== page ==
Top 20 ETF Ranked by StochCLose
The image below comes from the StochClose rankings (read about here). The top ten are dominated by precious metals, bonds and healthcare, not exactly the most offensive groups in the market. Several tech-related ETFs feature in the bottom half of the top twenty, but not one recorded a 52-week high this past week and their bounces still look like big counter-trend bounces.
Today’s report will highlight a few ETF charts and then turn to the counter-trend bounces in the last three bear markets. After notching a 30+ percent gain on Wednesday and coming within 2% of the falling 200-day SMA, the S&P 500 turned down with a sharp decline on Friday. Technically, the short-term trend is still up for SPX, but it remains in a danger zone similar to prior bear market bounces. More telling, selling pressure was quite intense in a few key areas as the Semiconductor ETF, the EW Consumer Discretionary ETF, the Bank SPDR and the Regional Bank ETF fell over 8%.
Let’s start with the strongest areas of the market. The 20+ Yr Treasury Bond ETF (TLT) and Gold SPDR (GLD) are holding strong, as is the Gold Miners ETF (GDX). SPY is up some 27% the last 28 days and TLT held up with a 1.17% gain. A bullish pennant is taking shape for both TLT and GLD. Also notice that RSI(10) is in the 40-50 zone for both and this marks a spot were momentum can turn up.
In contrast to Treasury bonds, junk bonds act more like stocks and are more sensitive to the economy. Kind of like the EW Consumer Discretionary ETF. The High-Yield Bond ETF (HYG) broke out with a surge on Wednesday, but gave it back with a sharp decline on Friday. Talk about cold feet in the junk bond market.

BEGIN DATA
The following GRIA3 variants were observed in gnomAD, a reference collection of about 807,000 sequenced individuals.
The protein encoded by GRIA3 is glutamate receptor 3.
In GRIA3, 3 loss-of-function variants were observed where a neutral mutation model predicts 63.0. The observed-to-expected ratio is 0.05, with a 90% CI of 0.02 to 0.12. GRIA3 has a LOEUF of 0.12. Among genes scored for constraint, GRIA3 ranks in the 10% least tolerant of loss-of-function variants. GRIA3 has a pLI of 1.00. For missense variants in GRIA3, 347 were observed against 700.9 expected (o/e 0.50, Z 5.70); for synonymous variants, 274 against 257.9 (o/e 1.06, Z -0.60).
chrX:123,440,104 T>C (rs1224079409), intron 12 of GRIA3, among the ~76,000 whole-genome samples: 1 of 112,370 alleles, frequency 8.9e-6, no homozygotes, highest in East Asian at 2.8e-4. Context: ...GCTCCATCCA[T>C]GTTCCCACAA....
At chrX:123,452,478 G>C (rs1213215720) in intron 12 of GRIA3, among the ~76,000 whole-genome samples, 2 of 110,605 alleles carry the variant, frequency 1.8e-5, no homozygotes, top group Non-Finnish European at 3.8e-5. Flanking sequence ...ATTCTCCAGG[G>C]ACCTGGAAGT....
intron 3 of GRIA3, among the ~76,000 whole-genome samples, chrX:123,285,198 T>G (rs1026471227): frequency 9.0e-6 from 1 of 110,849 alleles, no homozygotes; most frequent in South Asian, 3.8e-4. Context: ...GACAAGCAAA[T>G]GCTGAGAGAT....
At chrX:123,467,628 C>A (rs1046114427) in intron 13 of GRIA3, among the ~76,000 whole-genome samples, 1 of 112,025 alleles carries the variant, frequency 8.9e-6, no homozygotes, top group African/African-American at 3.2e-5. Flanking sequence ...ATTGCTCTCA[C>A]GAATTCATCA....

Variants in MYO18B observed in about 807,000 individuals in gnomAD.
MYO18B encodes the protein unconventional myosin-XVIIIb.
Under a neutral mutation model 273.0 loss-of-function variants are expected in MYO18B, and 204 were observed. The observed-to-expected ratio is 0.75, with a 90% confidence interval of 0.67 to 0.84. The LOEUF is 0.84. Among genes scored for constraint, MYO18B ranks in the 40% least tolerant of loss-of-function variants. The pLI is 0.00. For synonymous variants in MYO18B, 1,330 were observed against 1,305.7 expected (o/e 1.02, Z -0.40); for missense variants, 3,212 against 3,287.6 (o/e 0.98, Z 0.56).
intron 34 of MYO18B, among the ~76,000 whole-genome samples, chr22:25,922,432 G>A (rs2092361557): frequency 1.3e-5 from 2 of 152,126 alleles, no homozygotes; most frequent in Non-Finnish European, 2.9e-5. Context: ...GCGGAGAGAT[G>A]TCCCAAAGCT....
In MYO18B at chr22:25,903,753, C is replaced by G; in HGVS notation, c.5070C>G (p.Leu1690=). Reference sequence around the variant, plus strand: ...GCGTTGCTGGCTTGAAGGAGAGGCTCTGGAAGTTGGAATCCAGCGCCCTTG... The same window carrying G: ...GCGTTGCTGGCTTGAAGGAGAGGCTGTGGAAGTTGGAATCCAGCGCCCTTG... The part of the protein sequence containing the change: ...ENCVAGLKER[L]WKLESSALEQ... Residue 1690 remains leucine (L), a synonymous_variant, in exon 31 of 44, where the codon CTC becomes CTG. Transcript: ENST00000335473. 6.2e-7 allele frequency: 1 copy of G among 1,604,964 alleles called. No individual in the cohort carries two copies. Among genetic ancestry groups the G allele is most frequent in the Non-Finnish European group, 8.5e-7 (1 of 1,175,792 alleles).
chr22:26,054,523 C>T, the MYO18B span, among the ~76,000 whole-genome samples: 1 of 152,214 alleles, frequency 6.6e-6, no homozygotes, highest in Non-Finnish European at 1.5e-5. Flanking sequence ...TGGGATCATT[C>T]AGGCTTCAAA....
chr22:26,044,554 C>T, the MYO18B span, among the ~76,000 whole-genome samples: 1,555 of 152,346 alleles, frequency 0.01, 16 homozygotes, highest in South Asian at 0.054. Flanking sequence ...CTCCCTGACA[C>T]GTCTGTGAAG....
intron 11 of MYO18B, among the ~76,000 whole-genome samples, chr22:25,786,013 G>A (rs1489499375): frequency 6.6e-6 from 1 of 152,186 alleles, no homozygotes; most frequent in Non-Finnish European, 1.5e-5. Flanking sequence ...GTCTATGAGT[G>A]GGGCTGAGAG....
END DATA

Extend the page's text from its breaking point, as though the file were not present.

Over the last ten days, the SPX Advance-Decline Percent indicators dipped below -80% twice and did not exceed +80%. Relative strength in small-caps also means relative weakness in large-caps. Relative weakness and above average selling pressure in large-caps is the real concern here. Keep in mind that the S&P 500 accounts for some 80% of the total US equity market.
The pennant breakout in the Russell 2000 ETF (IWM) is already looking shaky as the ETF fell 7.5% in two days. The bigger downtrend is the dominant force at work here and the rising wedge since mid March is just a counter-trend bounce. IWM is WELL below its falling 200-day.
The Finance SPDR (XLF) is the third biggest sector in the S&P 500 and it failed to exceed its early April high. In addition, its retracement was one of the shallowest of the 11 sectors.
The Semiconductor ETF (SOXX) had one of the strongest bounces from mid March to early May, but also one of the biggest declines over the last two days (-8.4%). The bounce, while strong, fell well short of the February high and the ETF is back below its 200-day.
Prior Bear Market Bounces and Now
The next charts highlight the bear market bounces in 1981-82, 2001-2002 and 2008. Each chart shows the 200-day SMA, RSI(14) and the PPO(20,200,0). The trend is down when below the 200-day and when the PPO is negative. During a counter-trend bounce, the 50-70 zone is the danger zone for RSI. Sometimes momentum (RSI) peaks at 55, 60, 65 or 69. In other words, RSI does not peak at the exact same level every time. Also notice that RSI becomes oversold often in a downtrend and does not become overbought. And finally, the retracements and patterns are marked for the counter-trend bounces. Typically, a rising wedge of sorts forms and retraces 38.2 to 61.8 percent of the prior decline. The last chart shows current conditions for SPY.